Cuba, like India, has stood as a rite of passage for many documentary photographers although most choose color as their descriptive choice - Cuba's light is strong and color saturated. Bazan however has gone to the opposite extreme. His photographs are devoid of light and his dark grey-scale tones reduce the natural color scheme down to dense blacks and white that, at its brightest, is rendered chalky grey. His choice of amplifying dark tonalities turns the island into a phantasmagoria of weathered characters and worn buildings where any stray highlight seems hard pressed to stay unsmudged.

In one, a man carries a clear glass bottle of water on his shoulder that traps the image of decrepit buildings across the square like a ship in a bottle - a visual treat set amongst ruin. In another, a man carries on his head a pig on a platter while three young girls, one with a hoola-hoop play in the background. Others have Bazan's camera weaving through the streets and upon unspecified ritual that seem trapped in the dark corners of a cellar. Figures emerge from the black and the density of tone is in stark contrast Bazan's apparent enthusiasm for the place - perhaps metaphor for the inability to break the human spirit and perseverance during the "special period," Fidel's euphemism for the embargo. This is his Cuba, Bazan's Cuba. A fiction posing as a documentary that tells us we should love what we are seeing as he obviously does.

Like Passing Through, in the best pictures, metaphors are strong and the photographs interesting beyond their visual energy and in the worst, he drags us through the same tired clichés that immediately come to mind when we think of Cuba. Do we really need another low angle photo of a bunch of men playing dominoes? Or an old woman smoking an over-sized cigar? Or a portrait of a guy holding floppy tobacco leaves? Thankfully he somehow avoided including sugar cane cutters.

Bazan seems to experiment with lenses wider than the 28mm and the results splay the perspectives which almost always contain someone looming into the frame at an absurdly close distance. These have so much distortion and attention getting manner of the lens that it leaves me further from the subject. Those photos seem to be about less the subject and more about the photographer proving levels of comfort with the subjects. I have had a problem in the past with some of Eugene Richards’s mannerisms and in Bazan I would point to the same thing.

BazanCuba was self-published by Ernesto's new book publishing arm called Bazan Photos Publishing out of Brooklyn, NY and some of the design of this title highlights the pitfalls of working on self-published projects. Namely my biggest critique would come with the use of text and the typography. Bazan starts the book with huge quotes justified into clunky blocks to type that cross the gutter in extra long lines. The first by Rilke is quite possibly the worst, illegible, headache-inducing use of type I have seen. Rilke's quote is about how art does not follow usual measures of time, and ends with 'Patience is everything' - an appropriate quote considering photography's elusive nature but unfortunately who ever set the type here is testing everyone’s patience. The next pages have the same treatment given to quotes by Robert Frank, John Szarkowski and Raymond Carver - although much shorter that the Rilke, all could have been left out entirely. Those quotes are followed by pages covered with contact sheets. In my opinion, this is where the book should have started.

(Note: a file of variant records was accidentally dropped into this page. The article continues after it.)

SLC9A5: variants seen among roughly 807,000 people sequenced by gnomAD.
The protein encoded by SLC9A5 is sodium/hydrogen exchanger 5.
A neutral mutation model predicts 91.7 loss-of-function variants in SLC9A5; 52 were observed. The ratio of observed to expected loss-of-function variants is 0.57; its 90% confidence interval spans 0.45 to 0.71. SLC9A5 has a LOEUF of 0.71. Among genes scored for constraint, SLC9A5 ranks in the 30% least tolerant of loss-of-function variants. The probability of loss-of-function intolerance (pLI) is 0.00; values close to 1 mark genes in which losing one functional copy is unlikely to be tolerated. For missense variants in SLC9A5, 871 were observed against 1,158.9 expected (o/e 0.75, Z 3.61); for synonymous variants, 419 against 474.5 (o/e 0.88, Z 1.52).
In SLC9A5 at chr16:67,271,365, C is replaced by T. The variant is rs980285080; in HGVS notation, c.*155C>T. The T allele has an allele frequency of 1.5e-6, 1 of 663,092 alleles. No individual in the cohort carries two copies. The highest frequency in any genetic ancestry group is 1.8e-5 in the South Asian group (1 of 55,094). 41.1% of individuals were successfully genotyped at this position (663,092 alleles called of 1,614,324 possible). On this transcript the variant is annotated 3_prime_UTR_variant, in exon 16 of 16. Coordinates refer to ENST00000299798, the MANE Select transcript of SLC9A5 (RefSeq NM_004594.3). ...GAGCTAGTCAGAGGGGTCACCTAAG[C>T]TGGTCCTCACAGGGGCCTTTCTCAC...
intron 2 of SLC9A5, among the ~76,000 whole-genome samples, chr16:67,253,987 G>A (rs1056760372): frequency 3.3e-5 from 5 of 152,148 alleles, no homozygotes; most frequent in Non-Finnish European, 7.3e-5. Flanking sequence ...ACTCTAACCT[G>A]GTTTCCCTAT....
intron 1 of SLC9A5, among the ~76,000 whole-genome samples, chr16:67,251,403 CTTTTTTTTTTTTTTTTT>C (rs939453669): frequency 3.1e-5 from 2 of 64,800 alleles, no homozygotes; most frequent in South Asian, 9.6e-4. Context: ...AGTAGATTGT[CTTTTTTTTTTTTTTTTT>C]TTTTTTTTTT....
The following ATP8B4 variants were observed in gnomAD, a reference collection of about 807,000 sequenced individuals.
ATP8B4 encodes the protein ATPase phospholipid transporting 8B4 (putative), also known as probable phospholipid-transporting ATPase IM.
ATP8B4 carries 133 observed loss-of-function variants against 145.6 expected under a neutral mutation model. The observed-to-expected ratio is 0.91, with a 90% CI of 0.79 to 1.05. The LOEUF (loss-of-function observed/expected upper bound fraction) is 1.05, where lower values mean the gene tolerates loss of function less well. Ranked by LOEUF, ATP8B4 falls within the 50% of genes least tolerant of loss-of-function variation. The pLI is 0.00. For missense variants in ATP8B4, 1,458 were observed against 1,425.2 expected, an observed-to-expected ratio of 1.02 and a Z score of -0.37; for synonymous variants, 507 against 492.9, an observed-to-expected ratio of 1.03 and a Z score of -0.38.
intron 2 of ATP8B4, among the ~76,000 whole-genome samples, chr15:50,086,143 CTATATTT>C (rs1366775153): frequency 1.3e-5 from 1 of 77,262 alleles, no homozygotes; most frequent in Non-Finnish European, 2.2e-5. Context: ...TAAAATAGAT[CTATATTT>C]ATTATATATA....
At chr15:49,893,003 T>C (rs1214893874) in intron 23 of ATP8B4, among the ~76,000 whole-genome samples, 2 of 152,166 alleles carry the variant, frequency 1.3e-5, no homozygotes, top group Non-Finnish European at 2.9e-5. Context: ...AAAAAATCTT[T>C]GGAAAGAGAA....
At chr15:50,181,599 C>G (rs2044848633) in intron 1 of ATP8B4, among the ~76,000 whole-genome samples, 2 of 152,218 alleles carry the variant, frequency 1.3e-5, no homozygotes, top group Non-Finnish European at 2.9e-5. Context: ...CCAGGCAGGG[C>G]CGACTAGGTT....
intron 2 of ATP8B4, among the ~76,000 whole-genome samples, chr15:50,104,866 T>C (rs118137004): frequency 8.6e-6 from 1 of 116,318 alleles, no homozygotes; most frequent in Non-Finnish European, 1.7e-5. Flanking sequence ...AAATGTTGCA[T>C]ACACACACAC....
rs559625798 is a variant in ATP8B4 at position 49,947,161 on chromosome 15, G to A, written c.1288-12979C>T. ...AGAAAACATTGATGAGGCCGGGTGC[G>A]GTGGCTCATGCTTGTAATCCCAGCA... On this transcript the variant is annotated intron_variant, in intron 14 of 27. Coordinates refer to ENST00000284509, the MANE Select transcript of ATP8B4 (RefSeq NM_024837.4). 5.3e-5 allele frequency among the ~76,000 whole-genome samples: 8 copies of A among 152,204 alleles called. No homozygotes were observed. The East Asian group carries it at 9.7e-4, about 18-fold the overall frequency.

For Vicky Goldberg's essay at the back called Cuba: A Love Story you will need to keep the bottle of Tylenol handy for that too. The line length is far too long and the spacing between lines is so tight for the font size that I literally gave up trying to follow along after several attempts to get through the essay.

Bazan's also includes several pages of diary-like entries reproduced in his scrawling handwriting - he begins with, 'I look at my contact sheets. A feeling of utter depression seizes me. I sense a huge loss within me. And what's wrong is that there is nothing I can do about it. I want to cry in the silence of the empty room. A reminder of how difficult it is to take a damned good picture. I can only accept the verdict as a sentenced prisoner. EB.' The biggest pitfall when working on your own book is you don't have a strong editor hanging over you that would tell you when you are embarrassing yourself. ‘Verdict as a sentenced prisoner’??? Bazan's handwritten texts do not get any less embarrassing in their tenor. 'When I see beautiful photographs, my heart smiles.' 'I had strongly desired Cuba, as if longing for a woman that you meet only once and can't get out of your mind. I’m almost certain to have lived there in another life' Vicky Goldberg even gets into the spirit relaying a story about a young Bazan, 'At age seventeen, he had a dream in which he clearly heard the words, "You need to be a photographer." The next morning he announced to his parents that that was what he was going to do.' All of this after he starts the book with a quote from Raymond Carver stating, 'Everything is important in a story, every word, every punctuation mark.' Like Carver, Bazan needs the help of a great editor.